Mount Rainier. Mountain in Washington, United States

Mount Rainier

Mountain in Washington, United States

Mount Rainier Photo © Owner of this picture

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Mount Rainier

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Cascade Red Fox - Mount Rainier
Cascade Red Fox - Mount Rainier. Photo by Mount Rainier National Park
Mount Rainier is the tallest mountain in both the Cascade Range (Wikipedia
	Article) and the state of Washington. Same as Mount St Helens, Mount Rainier is a large active volcano, situated in the state of Washington, 87 kilometers southeast of Seattle.

Being on the “Decade List” is a fact which makes Mount Rainier one of the most hazardous volcanoes around the world. In case of an eruption, the large amount of ice that is “worn” by Mount Rainier could melt, producing massive floods that could be fatal for the whole Puyallup River valley.

History

Yakama, Muckleshoot, Puyallup, Cowlitz, and Nisqually are some of the Pacific Northwest tribes who inhabited Mount Rainier in their search for food and mountain meadows. Captain George Vancouver (Wikipedia Article), a British explorer, who is well-known for being the first European that saw Mount Rainier, approached Puget Sound during springtime in 1792. Doctor William Fraser claimed that the mountain’s flora is rich in medicinal plants. P.B. Van Trump and Hazard Stevens were the first humans who managed to climb the mountain back in 1870; they were considered heroes by the citizens of Olympia. In 1893, the “Pacific Forest Reserve” took Mount Rainier in its custody in order to protect the region’s most valuable resources: watersheds and timber. In 1899, President William McKinley made Mt. Rainier National Park the United States’ fifth national park. In 2011, Washington State released their quarter featuring a salmon and Mount Rainer.

 - Mount Rainier
Mount Rainier. Photo by unknown

Geology

Mount Rainer, a stratovolcano which is part of the “Cascade Volcanic Arc”, compounds of debris flows, lava flows and pyroclastic ejecta. The actual cone is around 500,000 years old, while the volcanic deposits could be around 840,000 years old. The volcano is mostly made of andesite, being greatly eroded, with lots of glaciers on its sides.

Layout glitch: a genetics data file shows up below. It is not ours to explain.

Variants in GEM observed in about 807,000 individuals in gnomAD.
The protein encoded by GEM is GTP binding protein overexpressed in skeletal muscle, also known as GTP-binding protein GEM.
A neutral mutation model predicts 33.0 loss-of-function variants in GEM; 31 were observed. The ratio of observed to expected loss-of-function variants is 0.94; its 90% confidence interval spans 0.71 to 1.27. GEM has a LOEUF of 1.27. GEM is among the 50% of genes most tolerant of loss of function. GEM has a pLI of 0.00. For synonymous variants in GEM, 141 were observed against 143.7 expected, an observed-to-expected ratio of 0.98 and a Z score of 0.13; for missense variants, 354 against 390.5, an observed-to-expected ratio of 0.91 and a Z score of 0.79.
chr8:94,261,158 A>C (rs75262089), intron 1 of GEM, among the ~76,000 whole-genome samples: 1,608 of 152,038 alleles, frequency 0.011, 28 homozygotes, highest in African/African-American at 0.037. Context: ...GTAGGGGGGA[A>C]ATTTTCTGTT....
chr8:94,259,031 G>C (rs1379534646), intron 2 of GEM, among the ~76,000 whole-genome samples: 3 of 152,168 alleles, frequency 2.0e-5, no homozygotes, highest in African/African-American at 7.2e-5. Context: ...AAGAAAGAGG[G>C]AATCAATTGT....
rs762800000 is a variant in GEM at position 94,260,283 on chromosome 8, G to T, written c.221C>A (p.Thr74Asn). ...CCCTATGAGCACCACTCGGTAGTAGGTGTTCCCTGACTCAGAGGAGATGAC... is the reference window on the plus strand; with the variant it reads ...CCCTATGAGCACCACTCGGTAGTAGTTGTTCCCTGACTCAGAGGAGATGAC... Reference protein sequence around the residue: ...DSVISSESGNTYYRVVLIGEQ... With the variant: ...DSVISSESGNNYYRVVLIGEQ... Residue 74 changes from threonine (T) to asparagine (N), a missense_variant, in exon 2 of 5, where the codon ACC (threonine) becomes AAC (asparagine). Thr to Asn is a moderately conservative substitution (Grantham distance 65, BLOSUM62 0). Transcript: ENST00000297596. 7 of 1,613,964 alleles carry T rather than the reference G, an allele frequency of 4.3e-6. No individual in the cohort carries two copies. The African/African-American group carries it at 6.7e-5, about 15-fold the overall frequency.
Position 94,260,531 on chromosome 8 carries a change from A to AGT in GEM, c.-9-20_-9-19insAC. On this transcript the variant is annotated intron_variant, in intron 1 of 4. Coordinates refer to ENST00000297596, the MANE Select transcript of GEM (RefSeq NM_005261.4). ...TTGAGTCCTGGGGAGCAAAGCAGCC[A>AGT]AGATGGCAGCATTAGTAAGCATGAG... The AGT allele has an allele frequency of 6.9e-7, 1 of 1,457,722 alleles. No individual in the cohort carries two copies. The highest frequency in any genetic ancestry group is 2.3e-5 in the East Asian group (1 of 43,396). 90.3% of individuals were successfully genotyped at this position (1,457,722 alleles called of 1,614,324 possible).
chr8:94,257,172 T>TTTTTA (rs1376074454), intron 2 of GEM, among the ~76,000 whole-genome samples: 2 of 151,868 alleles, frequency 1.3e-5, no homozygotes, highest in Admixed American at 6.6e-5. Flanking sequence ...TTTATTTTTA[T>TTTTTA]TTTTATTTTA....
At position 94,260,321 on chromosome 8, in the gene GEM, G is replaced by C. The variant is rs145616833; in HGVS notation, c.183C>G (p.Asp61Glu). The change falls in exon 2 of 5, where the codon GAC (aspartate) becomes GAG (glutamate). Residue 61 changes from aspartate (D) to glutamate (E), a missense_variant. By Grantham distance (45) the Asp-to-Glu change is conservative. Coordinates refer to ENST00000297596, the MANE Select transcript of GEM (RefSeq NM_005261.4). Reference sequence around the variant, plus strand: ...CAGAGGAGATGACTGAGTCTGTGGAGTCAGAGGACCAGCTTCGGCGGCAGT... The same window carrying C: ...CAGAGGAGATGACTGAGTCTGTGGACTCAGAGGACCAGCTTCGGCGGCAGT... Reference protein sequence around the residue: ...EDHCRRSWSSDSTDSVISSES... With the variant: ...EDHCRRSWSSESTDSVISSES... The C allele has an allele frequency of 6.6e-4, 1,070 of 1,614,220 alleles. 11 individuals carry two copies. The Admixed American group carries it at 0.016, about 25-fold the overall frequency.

The most recent volcanic eruption was somewhere between 1820 and 1854, however, many people reported volcanic activities between 1858 and 1894 as well. Even though Mt. Rainier is an active volcano, since 2010 there hasn’t been any evidence to prove a future eruption.

Glaciers

Glaciers are some of the most dynamic and obvious geologic characteristics of Mount Rainier. Glaciers corrode the mountain cone and are some of the most important sources of water for several rivers, including those who produce irrigation and hydroelectric power.

Fauna and Flora

Mount Rainier houses more than 60 mammal species, 5 reptile species, around 180 species of birds, and approximately 14 species of fish and amphibians. Mammals include bats and carnivores species such as bobcat, mountain lion, coyote, red fox, and black bear but also insectivores, hoofed mammals, rodents, and hares. More than 55% of the region is covered by forest, separated in three categories: low-elevation, mid-elevation, and high- elevation forests.

Visiting Mount Rainier